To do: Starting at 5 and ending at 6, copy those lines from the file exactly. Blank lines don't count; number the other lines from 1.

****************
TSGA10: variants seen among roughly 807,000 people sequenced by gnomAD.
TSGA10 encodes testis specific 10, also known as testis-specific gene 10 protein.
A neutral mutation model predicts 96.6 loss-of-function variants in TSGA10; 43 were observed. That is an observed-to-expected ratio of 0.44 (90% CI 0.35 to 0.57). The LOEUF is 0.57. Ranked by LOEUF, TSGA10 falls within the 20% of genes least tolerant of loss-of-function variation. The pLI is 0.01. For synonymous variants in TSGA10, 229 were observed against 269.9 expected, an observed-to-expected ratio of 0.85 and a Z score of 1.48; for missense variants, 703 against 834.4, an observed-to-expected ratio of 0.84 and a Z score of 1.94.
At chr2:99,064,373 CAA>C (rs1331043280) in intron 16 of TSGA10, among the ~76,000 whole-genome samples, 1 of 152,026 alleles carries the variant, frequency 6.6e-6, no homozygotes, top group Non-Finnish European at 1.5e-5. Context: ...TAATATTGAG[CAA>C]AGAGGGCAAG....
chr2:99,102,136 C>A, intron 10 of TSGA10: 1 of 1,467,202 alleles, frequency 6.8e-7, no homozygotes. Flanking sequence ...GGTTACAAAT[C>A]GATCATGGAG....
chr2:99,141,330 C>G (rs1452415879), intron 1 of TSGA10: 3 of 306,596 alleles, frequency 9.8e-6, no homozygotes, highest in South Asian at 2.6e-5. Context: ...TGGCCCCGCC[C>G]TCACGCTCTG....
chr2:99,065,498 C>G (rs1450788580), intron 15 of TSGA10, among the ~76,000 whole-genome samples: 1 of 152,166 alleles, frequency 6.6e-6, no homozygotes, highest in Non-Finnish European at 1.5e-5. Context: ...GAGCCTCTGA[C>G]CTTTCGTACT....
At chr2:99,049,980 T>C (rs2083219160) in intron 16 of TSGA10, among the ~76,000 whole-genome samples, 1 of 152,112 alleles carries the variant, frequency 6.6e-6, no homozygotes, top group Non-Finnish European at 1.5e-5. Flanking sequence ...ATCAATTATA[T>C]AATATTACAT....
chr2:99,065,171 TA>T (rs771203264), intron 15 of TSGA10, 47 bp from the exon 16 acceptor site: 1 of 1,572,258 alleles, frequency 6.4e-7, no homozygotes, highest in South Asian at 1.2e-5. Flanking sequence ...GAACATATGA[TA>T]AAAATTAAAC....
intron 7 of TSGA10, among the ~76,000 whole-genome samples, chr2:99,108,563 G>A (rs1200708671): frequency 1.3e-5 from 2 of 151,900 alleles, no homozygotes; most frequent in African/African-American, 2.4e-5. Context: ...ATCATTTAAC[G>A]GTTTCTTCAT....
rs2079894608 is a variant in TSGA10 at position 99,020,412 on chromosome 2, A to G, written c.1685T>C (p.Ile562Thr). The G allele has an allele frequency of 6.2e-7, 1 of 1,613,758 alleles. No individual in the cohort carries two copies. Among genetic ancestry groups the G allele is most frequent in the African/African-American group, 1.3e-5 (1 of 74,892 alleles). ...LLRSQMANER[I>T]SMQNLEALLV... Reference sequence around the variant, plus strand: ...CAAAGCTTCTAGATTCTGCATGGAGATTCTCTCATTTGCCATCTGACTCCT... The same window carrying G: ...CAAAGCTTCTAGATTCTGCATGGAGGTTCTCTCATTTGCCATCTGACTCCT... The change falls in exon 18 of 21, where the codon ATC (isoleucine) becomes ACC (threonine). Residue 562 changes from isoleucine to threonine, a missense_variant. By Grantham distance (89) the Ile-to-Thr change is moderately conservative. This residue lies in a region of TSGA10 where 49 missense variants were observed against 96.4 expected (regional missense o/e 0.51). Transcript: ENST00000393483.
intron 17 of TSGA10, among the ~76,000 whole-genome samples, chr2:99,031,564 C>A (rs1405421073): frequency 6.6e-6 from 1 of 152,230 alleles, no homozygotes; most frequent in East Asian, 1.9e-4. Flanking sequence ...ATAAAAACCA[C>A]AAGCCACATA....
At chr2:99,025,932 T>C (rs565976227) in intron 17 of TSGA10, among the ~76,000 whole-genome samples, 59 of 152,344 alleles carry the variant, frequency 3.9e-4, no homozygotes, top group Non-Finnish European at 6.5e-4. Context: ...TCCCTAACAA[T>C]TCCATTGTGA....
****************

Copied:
chr2:99,102,136 C>A, intron 10 of TSGA10: 1 of 1,467,202 alleles, frequency 6.8e-7, no homozygotes. Flanking sequence ...GGTTACAAAT[C>A]GATCATGGAG....
chr2:99,141,330 C>G (rs1452415879), intron 1 of TSGA10: 3 of 306,596 alleles, frequency 9.8e-6, no homozygotes, highest in South Asian at 2.6e-5. Context: ...TGGCCCCGCC[C>G]TCACGCTCTG....